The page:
Dissent Knee Deep In ScheisseDissent – Knee Deep In Scheisse (Dissent)


Out Now

The new EP from Deptford denizens Dissent draws on various punk rock influences to take a cheeky look at life.  For fans of early punk rock and Oi.

Dissent – or alternatively D!ssent – play mid-paced to fast chunky punk rock and take a cheeky, good humoured, look at modern life. They like drinkin’ but they hate rumour mongers and annoying feckers glued to their mobile phones. Even when they cover more serious subjects such as depression (Dark Days) they manage to seem flippant and cheery.

Dissent are fans of the call and response chorus which tends to make for catchy tunes. Whist it would be tempting to lump them in with latter day faster Oi, this collection of songs drinks deep from the well of original punk – I am particularly thinking The Drones and The Lurkers. They take an even deeper sup from the “second wave” of punk around 1979.  This puts them very much in UK Subs territory but if you listen carefully there are shades of the songwriting of bands such as The Outcasts and even Buzzcocks in places.

The 6 track EP kicks off with a homage to their spiritual home of Deptford and New Cross with “SE14”. The dirty, rowdy streets they love.  The almost deadpan vocals give this an Oi! vibe coupled with a tuneful chorus. They’ve gigged extensively in the area including at the practice space they use, Overdrive, which has been responsible for helping keep punk alive in an increasingly gentrified capital with fewer venues and affordable rehearsal spaces. It would be criminal not to mention the  Overdrive crowdfunder to keep this vital space going.

SomebodyMcSomebody switches pace between mid-paced and fairly speedy and is a punky number, taking aim at rumour mongers. Flailing cymbals, buzzsaw guitar and chunky bass.  Dark Days and Kiss Kiss are fairly standard punky numbers.

Drinking rattles like a crate of empties with its chorus “Drinking to survive…drinking to feel alive”. It’s an anthem for drunk punks everywhere, bottle in hand, fist raised, staggering around on the dance floor in front of a band. On this song in particular and also on Zombie with it’s “can’t live without it” chorus, there is a something of a similarity to Runnin’ Riot (something of a gold standard for your Oi aficionados). This may just be me tuning in to singer Eric’s Belfast brogue, but it’s there in the songwriting style and the guitar licks too.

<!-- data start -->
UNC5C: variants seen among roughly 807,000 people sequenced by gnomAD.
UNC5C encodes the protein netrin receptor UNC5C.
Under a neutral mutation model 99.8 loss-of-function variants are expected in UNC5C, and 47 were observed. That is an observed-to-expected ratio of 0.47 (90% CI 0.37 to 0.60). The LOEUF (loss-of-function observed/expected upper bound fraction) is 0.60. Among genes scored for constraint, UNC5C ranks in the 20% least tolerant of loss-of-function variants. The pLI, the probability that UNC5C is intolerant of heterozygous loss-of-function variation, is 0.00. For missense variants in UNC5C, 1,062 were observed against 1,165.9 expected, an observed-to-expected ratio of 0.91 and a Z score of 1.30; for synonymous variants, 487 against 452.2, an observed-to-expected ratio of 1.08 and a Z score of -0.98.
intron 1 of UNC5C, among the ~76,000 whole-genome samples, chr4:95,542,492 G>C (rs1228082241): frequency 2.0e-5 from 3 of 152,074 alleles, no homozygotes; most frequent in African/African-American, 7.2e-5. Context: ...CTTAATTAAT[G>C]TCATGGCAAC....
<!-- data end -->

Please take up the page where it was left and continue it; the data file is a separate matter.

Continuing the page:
“Sarf East Landan” punk scene stalwart Gonk’s guitar is mostly a wall of buzz with occasional lead breaks and harmonics to provide variety to the songs (and no doubt to prove to the naysayers that he can actually play!).  The competently played drums have a clipped feature to them at times which reinforces the Oi! comparison but then at other times cymbals abound and they become more fluid and frantic. The chunky bass mostly underpins everything but occasionally pushes through the mix with a growling flourish.

Dissent occupy the sweet spot where they are fast enough to interest the younger crowd and not so fast they piss off the older folks for whom punk stopped in 1979. If they were a bunch of hipsters they would no doubt be an overnight sensation but they are the real deal.  Grizzled veterans steadfastly hanging on in the streets they know in the face of gentrification.

The CD hasn’t made it onto their currently sparse bandcamp page yet.

Contact the band via Facebook for details of how to order the EP.


All words by Nathan Brown. You can read more from Nathan on his Louder Than War archive over here.

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Nathan got bitten by the punk rock bug at the tender age of 7, when The Kids Were United and Sid Was Innocent. Since then, inspired by the anarcho-punk movement he has played in numerous bands including Armoured Flu Unit, Liberty, Abrazos, Whole In The Head & Haywire; written for zines, promoted gigs and was one half of DJ outfit Aggro-Culture Sound System. He has No Gods, No Masters and since meeting many of them has No More Heroes.


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